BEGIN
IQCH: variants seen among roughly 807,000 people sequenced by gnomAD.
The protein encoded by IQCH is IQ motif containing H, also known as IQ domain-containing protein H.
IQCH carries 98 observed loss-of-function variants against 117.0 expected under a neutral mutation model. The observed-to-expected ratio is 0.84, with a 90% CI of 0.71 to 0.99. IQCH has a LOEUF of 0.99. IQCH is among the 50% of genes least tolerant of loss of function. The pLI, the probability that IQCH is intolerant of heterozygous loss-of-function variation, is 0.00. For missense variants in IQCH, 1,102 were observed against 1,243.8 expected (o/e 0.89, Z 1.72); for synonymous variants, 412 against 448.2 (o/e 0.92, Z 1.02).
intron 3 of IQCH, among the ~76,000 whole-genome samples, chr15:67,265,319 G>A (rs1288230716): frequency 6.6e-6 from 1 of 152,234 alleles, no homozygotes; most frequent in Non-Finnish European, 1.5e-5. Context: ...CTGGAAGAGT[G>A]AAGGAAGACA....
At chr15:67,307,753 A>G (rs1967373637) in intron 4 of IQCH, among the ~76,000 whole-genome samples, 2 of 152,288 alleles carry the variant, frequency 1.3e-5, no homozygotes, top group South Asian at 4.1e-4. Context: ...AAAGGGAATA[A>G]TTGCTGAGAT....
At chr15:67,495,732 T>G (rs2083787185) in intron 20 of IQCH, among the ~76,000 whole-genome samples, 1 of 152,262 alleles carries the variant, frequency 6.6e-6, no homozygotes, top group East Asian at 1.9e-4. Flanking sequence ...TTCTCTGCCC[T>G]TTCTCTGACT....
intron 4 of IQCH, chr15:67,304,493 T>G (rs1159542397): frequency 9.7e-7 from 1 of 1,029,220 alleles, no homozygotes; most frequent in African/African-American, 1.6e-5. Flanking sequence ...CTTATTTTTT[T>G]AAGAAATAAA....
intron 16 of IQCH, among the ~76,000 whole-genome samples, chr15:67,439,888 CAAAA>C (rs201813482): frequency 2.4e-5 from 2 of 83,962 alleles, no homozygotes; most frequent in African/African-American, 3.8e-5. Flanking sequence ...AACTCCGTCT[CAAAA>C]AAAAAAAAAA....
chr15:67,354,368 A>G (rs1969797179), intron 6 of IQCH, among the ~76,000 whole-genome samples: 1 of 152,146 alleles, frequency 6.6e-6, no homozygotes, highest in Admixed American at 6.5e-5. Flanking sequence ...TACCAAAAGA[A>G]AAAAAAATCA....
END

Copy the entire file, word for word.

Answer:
IQCH: variants seen among roughly 807,000 people sequenced by gnomAD.
The protein encoded by IQCH is IQ motif containing H, also known as IQ domain-containing protein H.
IQCH carries 98 observed loss-of-function variants against 117.0 expected under a neutral mutation model. The observed-to-expected ratio is 0.84, with a 90% CI of 0.71 to 0.99. IQCH has a LOEUF of 0.99. IQCH is among the 50% of genes least tolerant of loss of function. The pLI, the probability that IQCH is intolerant of heterozygous loss-of-function variation, is 0.00. For missense variants in IQCH, 1,102 were observed against 1,243.8 expected (o/e 0.89, Z 1.72); for synonymous variants, 412 against 448.2 (o/e 0.92, Z 1.02).
intron 3 of IQCH, among the ~76,000 whole-genome samples, chr15:67,265,319 G>A (rs1288230716): frequency 6.6e-6 from 1 of 152,234 alleles, no homozygotes; most frequent in Non-Finnish European, 1.5e-5. Context: ...CTGGAAGAGT[G>A]AAGGAAGACA....
At chr15:67,307,753 A>G (rs1967373637) in intron 4 of IQCH, among the ~76,000 whole-genome samples, 2 of 152,288 alleles carry the variant, frequency 1.3e-5, no homozygotes, top group South Asian at 4.1e-4. Context: ...AAAGGGAATA[A>G]TTGCTGAGAT....
At chr15:67,495,732 T>G (rs2083787185) in intron 20 of IQCH, among the ~76,000 whole-genome samples, 1 of 152,262 alleles carries the variant, frequency 6.6e-6, no homozygotes, top group East Asian at 1.9e-4. Flanking sequence ...TTCTCTGCCC[T>G]TTCTCTGACT....
intron 4 of IQCH, chr15:67,304,493 T>G (rs1159542397): frequency 9.7e-7 from 1 of 1,029,220 alleles, no homozygotes; most frequent in African/African-American, 1.6e-5. Flanking sequence ...CTTATTTTTT[T>G]AAGAAATAAA....
intron 16 of IQCH, among the ~76,000 whole-genome samples, chr15:67,439,888 CAAAA>C (rs201813482): frequency 2.4e-5 from 2 of 83,962 alleles, no homozygotes; most frequent in African/African-American, 3.8e-5. Flanking sequence ...AACTCCGTCT[CAAAA>C]AAAAAAAAAA....
chr15:67,354,368 A>G (rs1969797179), intron 6 of IQCH, among the ~76,000 whole-genome samples: 1 of 152,146 alleles, frequency 6.6e-6, no homozygotes, highest in Admixed American at 6.5e-5. Flanking sequence ...TACCAAAAGA[A>G]AAAAAAATCA....